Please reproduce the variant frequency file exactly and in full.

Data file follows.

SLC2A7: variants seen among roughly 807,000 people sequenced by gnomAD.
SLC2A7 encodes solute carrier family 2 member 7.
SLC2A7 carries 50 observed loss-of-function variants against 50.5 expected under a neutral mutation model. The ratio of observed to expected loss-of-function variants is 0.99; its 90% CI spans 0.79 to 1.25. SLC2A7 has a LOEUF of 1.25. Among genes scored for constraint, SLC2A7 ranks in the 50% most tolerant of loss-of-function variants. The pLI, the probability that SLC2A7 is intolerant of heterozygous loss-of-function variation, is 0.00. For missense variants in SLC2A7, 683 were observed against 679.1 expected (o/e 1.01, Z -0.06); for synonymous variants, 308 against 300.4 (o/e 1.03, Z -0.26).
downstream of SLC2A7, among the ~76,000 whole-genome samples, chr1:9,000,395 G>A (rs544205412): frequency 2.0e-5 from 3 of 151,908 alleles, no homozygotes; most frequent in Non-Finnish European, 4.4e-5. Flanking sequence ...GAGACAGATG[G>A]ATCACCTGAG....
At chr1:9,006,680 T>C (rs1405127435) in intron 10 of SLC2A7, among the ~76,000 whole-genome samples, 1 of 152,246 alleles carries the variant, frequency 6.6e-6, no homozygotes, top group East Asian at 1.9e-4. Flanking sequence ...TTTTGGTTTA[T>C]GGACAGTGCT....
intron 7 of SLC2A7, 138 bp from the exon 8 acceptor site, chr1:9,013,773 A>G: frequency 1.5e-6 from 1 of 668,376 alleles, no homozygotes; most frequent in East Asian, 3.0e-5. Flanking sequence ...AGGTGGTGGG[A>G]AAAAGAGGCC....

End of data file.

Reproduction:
SLC2A7: variants seen among roughly 807,000 people sequenced by gnomAD.
SLC2A7 encodes solute carrier family 2 member 7.
SLC2A7 carries 50 observed loss-of-function variants against 50.5 expected under a neutral mutation model. The ratio of observed to expected loss-of-function variants is 0.99; its 90% CI spans 0.79 to 1.25. SLC2A7 has a LOEUF of 1.25. Among genes scored for constraint, SLC2A7 ranks in the 50% most tolerant of loss-of-function variants. The pLI, the probability that SLC2A7 is intolerant of heterozygous loss-of-function variation, is 0.00. For missense variants in SLC2A7, 683 were observed against 679.1 expected (o/e 1.01, Z -0.06); for synonymous variants, 308 against 300.4 (o/e 1.03, Z -0.26).
downstream of SLC2A7, among the ~76,000 whole-genome samples, chr1:9,000,395 G>A (rs544205412): frequency 2.0e-5 from 3 of 151,908 alleles, no homozygotes; most frequent in Non-Finnish European, 4.4e-5. Flanking sequence ...GAGACAGATG[G>A]ATCACCTGAG....
At chr1:9,006,680 T>C (rs1405127435) in intron 10 of SLC2A7, among the ~76,000 whole-genome samples, 1 of 152,246 alleles carries the variant, frequency 6.6e-6, no homozygotes, top group East Asian at 1.9e-4. Flanking sequence ...TTTTGGTTTA[T>C]GGACAGTGCT....
intron 7 of SLC2A7, 138 bp from the exon 8 acceptor site, chr1:9,013,773 A>G: frequency 1.5e-6 from 1 of 668,376 alleles, no homozygotes; most frequent in East Asian, 3.0e-5. Flanking sequence ...AGGTGGTGGG[A>G]AAAAGAGGCC....